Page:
24 We were saved in hope. If we see what we hope for, that isn’t hope. Who hopes for what they already see? 25 But if we hope for what we don’t see, we wait for it with patience. 26 In the same way, the Spirit comes to help our weakness. We don’t know what we should pray, but the Spirit himself pleads our case with unexpressed groans. 27 The one who searches hearts knows how the Spirit thinks, because he pleads for the saints, consistent with God’s will. 28 We know that God works all things together for good for the ones who love God, for those who are called according to his purpose. Romans 8:24-28
We are in this crazy time of fear and hope. I’m not really quite sure how to explain it, but I feel it, and I’m sure you feel it too.
I did not grow up in fear. There was not much in the town I grew up in that needed to be feared. Most people were very similar to me in terms of culture and race. I had two older brothers, mother, father and grandparents nearby. Essentially, I existed in a very close knit family and community.
As I got older, I went to college and still didn’t have much to fear. There was more diversity, but I was really only just aware of my surroundings and tried not to be any place I ‘wasn’t supposed to be’ after dark or in certain parts of town.
Post college and living on my own, I began to think about where the best places to park were so that I was closest to my door and always under some kind of street lamp. I avoided walking to my car on my own after events at night, or if I did, I would carry my keys just right.
I started running a few years ago and would think of all the places I could go to get away if someone tried to grab me. I thought about how loud I could be so someone would hear me.
After moving to San Francisco, I was wary of public transportation and living in a big city. I was constantly aware of everyone around me, what they are doing and if they saw me. I would look down as I passed the homeless and those standing on the sidewalks talking.
I started to think the other night how my fears have evolved, but really they were just my inadequate understandings and misinterpretations of those around me.
I’ve been in the city now for 6 months now, and things are changing- quickly.
I run by myself and enjoy the scenery without thinking about the people around me and who might snag me out in the wilderness.
I take transit and observe the people around me out of curiosity and interest in what they are doing, not out of searching for a reason to exclude myself from talking to them.
I work with syringe access at Glide and surround myself with people I once would have crossed the street to be away from because I didn’t know or understand them. People that my whole life (and even now) I’d been told were ‘bad’ because they were drug users.
Right now, I recognize in myself that being a part of standing up for what’s wrong in the world right now is the only option.
I went to my first protest a few weeks ago at SFO, and I was talking with my co-missionary Quita about how this moment and present time we’re in is something that I’ve never felt. It’s a privilege that I’ve never had to feel it. And I feel like there’s this possibility that all these amazing and good things that so many have worked hard to establish may be lost to greed and fear.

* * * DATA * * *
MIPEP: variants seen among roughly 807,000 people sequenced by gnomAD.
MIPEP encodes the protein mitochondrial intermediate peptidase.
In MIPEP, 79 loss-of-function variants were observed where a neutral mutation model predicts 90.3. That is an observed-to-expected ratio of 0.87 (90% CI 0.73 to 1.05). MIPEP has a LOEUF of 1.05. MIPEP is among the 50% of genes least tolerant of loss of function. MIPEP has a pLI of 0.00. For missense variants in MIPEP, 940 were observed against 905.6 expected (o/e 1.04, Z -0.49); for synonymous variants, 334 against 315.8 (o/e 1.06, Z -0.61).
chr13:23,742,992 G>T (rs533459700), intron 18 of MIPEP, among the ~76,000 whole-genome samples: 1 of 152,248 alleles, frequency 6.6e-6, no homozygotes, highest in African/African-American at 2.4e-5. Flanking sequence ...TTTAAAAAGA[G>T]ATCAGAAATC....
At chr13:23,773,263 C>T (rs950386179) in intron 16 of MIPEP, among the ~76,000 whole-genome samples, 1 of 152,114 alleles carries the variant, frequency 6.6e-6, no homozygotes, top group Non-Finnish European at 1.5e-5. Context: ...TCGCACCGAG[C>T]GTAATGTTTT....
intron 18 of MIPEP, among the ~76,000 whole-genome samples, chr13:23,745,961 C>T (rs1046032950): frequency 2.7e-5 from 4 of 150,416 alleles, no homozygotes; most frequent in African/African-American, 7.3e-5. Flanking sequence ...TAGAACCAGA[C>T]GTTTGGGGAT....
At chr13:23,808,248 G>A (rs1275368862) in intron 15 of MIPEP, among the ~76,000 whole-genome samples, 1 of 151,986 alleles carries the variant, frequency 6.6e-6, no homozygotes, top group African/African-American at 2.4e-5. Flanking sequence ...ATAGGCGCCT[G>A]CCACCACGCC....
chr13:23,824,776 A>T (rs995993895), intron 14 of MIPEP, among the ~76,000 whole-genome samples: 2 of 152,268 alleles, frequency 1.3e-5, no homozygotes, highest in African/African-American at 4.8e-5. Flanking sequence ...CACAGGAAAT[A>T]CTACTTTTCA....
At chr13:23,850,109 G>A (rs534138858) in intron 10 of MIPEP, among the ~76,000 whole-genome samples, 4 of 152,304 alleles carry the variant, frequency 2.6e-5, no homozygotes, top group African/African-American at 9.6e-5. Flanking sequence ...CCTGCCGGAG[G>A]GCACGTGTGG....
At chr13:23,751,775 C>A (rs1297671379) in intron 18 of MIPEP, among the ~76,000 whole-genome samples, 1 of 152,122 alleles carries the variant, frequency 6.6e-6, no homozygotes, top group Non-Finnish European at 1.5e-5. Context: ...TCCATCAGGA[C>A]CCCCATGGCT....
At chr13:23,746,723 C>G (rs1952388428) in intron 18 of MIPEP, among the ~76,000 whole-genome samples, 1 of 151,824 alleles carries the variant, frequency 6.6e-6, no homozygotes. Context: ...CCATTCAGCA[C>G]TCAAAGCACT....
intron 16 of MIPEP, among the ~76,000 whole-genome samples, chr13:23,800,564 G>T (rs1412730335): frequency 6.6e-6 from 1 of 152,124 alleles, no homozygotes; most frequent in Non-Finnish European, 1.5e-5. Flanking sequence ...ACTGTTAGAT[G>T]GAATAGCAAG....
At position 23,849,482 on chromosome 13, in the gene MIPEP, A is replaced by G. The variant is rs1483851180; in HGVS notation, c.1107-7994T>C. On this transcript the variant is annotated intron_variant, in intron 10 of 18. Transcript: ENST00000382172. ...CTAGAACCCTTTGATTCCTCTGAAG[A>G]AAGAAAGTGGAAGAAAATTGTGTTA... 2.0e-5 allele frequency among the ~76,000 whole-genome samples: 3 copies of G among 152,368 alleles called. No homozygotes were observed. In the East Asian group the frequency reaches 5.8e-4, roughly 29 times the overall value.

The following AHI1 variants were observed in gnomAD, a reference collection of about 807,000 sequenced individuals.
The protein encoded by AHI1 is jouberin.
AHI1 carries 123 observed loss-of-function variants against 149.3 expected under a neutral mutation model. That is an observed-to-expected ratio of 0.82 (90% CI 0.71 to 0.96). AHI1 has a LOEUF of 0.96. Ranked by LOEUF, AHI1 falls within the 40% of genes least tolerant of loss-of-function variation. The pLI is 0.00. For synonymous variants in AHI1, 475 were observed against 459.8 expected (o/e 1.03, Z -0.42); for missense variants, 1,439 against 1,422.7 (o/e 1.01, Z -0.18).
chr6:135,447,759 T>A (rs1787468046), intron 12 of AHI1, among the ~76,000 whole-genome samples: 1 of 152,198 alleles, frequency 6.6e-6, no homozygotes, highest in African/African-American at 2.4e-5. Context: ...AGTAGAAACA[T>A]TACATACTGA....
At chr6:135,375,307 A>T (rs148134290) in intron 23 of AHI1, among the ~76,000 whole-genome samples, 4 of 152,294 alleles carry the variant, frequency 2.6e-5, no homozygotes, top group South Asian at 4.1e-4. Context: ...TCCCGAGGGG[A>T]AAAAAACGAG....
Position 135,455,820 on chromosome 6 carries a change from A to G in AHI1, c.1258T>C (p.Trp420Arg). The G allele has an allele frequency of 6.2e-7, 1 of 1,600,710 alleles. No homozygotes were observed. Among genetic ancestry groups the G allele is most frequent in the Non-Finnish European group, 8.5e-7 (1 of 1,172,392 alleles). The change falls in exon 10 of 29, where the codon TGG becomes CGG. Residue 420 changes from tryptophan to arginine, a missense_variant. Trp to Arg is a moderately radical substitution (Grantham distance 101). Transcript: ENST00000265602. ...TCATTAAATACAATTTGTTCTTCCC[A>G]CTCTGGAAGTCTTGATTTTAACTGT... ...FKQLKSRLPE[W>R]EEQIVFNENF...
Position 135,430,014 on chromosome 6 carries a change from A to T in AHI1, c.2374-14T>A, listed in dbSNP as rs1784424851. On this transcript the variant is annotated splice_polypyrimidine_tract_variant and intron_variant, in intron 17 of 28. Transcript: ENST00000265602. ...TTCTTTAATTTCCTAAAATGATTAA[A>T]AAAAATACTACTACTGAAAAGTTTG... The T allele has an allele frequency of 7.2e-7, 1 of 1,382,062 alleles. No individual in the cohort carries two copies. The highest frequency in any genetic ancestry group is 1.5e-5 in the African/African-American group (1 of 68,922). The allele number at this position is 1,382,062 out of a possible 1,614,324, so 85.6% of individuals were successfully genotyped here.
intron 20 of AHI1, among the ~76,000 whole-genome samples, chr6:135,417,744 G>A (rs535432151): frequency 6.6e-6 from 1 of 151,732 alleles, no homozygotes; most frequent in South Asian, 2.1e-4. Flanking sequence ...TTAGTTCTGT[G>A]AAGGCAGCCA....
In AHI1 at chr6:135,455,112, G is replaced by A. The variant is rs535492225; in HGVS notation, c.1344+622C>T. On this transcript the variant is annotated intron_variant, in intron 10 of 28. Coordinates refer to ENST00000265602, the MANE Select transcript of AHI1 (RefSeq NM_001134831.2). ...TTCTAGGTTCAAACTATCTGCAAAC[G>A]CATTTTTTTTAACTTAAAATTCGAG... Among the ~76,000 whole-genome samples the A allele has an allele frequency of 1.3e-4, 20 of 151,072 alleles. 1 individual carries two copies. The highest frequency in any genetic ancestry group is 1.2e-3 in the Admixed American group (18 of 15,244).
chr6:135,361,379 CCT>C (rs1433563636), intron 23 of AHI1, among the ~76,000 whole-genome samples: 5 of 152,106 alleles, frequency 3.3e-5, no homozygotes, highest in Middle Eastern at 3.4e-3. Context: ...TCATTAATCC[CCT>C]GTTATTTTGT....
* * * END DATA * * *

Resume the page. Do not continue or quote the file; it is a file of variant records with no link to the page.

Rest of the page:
We are hope and we are simultaneously fear. Just like in the movie Inside Out where they realize that you have to have sadness to experience joy, I think we have to have fear to experience hope.
BUT- God does not teach us to be fearful. Fear and worry are not of God nor his intention for us. God wants us to recognize our calls to stand up to fear and be hopeful. I think God can use our fear as a tool of change.
So what happened? What changed in my life to put me where I am today?
One of my spiritual gifts is Faith (divine ability to recognize what God wants done and to act when others fall back in doubts. People with this gift simply have confidence that God will see God’s will done. Believing deeply in the power of prayer, they also know that God is both present and active in their lives.)
In 2013 I felt a call to missionary work, and I didn’t listen. God gave me a second chance last year and I took it to go to Mozambique with our church. I once heard someone say that when it hurts more to say no to God than to say yes, then you know it’s time. When I returned, I knew that I absolutely could not keep working in corporate America and be absent from this call to justice and looking for ways that God can use me for a bigger purpose.
At training I began to truly realize how much I didn’t know about the world, and I’ve tried to make it my goal to see others perspectives, to look at the world in a different way and to be open to accepting that I’ve been wrong about a lot of things for a long time. I need to change now without holding onto what I did in the past. This means meeting other people who aren’t like me and reading and researching history and topics that I’ve never been interested in because they didn’t directly affect me.
So, I invite you today to look at where you are in your life- no matter what circumstances surround you- are you listening to God’s call for you? What fears do you have? Are you working towards understanding that fear and eradicating it with knowledge and hope?
We as Christians are going to be looked at even more in the next coming years. We HAVE to decide what is wrong and what is right. There is no more being passive or trying not to hurt your friends’ feelings. It’s our job to not only hope, but to make others question their fears as well as our own.
Bridges District of the California-Nevada Annual Conference
San Fransisco, CA
Global Mission Fellow US-2, Class of 2016-2018